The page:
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Neo-Nazi Convicted In Attempted Amtrak Terror Attack Attended ‘Unite the Right’ Rally

A card-carrying neo-Nazi claims he was was on a mission to “save” an Amtrak train from Black folks when he triggered the locomotive’s emergency brakes, sparking panic aboard the Chicago-bound train. On Friday, a judge sentenced him to 14 years in federal prison.

Taylor Michael Wilson of St. Charles, Missouri, was sentenced in a Lincoln, Neb., federal court months after pleading guilty to a single count of terrorism and a weapons charge stemming from the Oct. 23, 2017, train incident in southern Nebraska. In exchange, all other charges were dismissed.

Taylor Michael Wilson

Taylor Michael Wilson pleaded guilty in July to federal domestic terror charges linked to the 2017 Amtrak incident. (Photo by Furnas County Sheriff’s Office)

Wilson, 26, was one of 175 passengers aboard an Amtrak train traveling from California to Illinois when prosecutors say he broke into a restricted area and started tinkering with the controls, ultimately cutting the lights to the train and triggering the brakes. Authorities said the Missouri man was found armed with a handgun, a “speed loader” in his pocket, a knife and ammunition, along with a business card for a well-known neo-Nazi organization.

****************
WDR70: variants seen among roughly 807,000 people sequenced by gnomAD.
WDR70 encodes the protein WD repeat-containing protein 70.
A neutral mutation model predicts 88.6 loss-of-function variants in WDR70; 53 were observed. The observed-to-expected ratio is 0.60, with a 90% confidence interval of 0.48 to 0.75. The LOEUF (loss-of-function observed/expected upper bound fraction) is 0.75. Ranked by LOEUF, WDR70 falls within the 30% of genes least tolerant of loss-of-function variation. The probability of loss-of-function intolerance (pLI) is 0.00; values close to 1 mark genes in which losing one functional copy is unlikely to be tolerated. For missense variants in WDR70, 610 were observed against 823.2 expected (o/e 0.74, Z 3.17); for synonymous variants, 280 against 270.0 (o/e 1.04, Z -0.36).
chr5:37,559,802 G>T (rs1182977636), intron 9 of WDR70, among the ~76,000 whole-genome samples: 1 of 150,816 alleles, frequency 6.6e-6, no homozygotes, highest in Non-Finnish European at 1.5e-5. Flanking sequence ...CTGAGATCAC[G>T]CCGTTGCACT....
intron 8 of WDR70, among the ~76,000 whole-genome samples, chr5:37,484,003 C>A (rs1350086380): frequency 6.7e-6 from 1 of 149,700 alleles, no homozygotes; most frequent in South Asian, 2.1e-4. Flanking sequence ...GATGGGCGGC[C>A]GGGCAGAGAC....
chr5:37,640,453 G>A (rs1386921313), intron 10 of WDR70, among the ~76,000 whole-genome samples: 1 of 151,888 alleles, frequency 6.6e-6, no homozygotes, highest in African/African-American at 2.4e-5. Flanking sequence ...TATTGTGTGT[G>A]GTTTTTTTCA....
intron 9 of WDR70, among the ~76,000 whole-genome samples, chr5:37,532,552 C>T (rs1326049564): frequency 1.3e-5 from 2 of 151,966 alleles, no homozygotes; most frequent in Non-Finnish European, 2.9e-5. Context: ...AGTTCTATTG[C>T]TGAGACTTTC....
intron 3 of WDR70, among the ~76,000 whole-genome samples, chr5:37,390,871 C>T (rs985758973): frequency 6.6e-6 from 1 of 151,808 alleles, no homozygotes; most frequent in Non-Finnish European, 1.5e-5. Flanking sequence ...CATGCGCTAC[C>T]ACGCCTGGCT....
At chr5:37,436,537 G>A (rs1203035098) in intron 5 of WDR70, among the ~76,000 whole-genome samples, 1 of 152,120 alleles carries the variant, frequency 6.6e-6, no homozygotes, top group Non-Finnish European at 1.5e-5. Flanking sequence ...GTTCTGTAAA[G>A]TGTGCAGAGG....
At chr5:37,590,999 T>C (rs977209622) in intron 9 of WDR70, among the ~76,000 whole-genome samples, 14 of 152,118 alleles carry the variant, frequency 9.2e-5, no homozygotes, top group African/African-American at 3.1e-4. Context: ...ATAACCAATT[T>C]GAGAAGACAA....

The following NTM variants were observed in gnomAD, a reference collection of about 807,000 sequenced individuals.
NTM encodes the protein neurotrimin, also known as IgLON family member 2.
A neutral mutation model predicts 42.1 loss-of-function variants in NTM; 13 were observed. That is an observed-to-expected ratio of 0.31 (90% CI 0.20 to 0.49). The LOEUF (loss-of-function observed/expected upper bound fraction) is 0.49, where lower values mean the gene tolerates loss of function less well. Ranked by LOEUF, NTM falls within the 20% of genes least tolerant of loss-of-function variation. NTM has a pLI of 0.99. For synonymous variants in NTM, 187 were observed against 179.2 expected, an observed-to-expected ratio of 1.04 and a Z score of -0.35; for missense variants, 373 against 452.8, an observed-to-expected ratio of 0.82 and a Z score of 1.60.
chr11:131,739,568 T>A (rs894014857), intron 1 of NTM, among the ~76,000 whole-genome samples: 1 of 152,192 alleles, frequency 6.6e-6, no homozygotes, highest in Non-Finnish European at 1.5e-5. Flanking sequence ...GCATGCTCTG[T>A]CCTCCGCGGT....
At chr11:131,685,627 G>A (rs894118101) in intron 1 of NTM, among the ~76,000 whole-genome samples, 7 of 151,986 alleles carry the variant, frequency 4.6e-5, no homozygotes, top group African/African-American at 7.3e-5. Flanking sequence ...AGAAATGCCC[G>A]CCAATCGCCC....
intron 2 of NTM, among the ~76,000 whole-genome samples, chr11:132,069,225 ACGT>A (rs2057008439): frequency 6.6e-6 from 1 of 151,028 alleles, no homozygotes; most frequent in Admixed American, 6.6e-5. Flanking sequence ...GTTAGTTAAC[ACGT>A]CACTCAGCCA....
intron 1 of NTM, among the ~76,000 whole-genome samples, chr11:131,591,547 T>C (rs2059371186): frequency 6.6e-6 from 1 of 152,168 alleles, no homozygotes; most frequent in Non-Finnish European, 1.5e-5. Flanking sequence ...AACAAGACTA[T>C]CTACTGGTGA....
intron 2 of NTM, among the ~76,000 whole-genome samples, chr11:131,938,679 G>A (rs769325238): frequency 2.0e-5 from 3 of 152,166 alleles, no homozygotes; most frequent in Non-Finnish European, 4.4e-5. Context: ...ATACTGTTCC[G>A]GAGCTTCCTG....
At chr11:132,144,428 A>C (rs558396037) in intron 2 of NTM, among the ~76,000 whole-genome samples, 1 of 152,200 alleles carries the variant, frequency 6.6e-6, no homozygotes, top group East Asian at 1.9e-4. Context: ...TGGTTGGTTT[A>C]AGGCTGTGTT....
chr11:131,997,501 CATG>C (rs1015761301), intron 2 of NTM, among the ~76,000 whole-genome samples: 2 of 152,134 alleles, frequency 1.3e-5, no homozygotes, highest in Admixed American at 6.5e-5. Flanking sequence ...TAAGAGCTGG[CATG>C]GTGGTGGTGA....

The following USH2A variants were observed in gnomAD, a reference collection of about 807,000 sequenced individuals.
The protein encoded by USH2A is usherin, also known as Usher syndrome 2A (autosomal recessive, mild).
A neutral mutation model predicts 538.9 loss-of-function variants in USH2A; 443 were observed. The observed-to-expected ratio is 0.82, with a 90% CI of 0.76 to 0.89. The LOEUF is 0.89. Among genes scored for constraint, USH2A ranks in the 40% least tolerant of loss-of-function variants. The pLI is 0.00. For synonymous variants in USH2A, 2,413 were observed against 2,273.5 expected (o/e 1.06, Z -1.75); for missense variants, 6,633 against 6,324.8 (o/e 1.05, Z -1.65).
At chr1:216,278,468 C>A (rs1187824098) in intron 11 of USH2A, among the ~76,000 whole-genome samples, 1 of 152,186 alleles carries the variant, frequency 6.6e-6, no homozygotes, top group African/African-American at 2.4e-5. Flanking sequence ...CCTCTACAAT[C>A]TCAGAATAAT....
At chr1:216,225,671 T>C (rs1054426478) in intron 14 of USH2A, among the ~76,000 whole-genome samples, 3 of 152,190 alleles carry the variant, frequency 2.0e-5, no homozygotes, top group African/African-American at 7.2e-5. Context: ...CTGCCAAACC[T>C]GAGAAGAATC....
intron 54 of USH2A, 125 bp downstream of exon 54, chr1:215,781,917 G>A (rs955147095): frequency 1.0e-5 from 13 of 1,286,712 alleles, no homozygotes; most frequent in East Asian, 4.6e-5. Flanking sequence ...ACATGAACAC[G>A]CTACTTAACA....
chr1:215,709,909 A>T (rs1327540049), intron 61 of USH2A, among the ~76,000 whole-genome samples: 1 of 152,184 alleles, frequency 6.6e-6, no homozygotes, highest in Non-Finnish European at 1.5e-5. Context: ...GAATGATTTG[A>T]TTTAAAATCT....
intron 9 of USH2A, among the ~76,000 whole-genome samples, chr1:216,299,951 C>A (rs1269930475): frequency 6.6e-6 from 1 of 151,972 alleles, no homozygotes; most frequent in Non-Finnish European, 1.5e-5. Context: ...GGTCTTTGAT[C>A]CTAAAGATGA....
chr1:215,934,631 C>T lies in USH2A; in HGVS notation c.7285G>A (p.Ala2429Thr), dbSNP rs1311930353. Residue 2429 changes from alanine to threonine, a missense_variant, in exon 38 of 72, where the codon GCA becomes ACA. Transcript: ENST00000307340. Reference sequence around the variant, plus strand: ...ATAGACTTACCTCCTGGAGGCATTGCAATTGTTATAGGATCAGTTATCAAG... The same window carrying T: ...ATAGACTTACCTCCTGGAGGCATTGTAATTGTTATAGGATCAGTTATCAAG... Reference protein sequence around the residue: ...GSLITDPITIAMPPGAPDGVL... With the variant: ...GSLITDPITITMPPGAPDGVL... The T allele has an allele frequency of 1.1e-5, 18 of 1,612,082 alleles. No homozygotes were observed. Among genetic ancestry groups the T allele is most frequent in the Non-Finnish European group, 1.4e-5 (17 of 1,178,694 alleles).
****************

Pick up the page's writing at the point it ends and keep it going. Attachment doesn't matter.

The incident reportedly unfolded after Wilson exchanged words with a Black passenger. When Wilson was found at the controls he hurled racial slurs at conductors who managed to hold him down until authorities arrived, according to court documents.

Other filings unsealed earlier this year revealed there was probable cause to believe the cache of weapons investigators found stashed at Wilson’s St. Charles home “have been used for [or] obtained in anticipation of engaging in [or] planning to engage in criminal offenses against the U.S.” Inside, they also found PDF files on Wilson’s phone of a white supremacist banner and character witnesses said Wilson previously expressed interest in “killing Black people.”

Moreover, an investigator testified in court that when asked why he stopped the train, Wilson responded that he was “going to save the train from the Black people.”

The suspect claimed he was high on drugs at the time, however, and “never had the intention of hurting anyone.”

“I did not have any hate or ill-will toward anyone on the train,” Wilson said at Friday’s sentencing, according to the Lincoln Journal Star.

Prosecutors argued otherwise, citing the young man’s membership in a neo-Nazi group and his participation in last summer’s deadly “Unite the Right” rally in Charlottesville, Va. Video stills posted to social media over the weekend show Wilson marching alongside James Alex Fields Jr., the neo-Nazi who rammed his car into a group of counter-protesters, killing 32-year-old Heather Heyer.

District Judge John Gerrard agreed that Wilson was a danger to society and, while handing down his sentence, dubbed him “a gun-toting, angry … white supremacist.”

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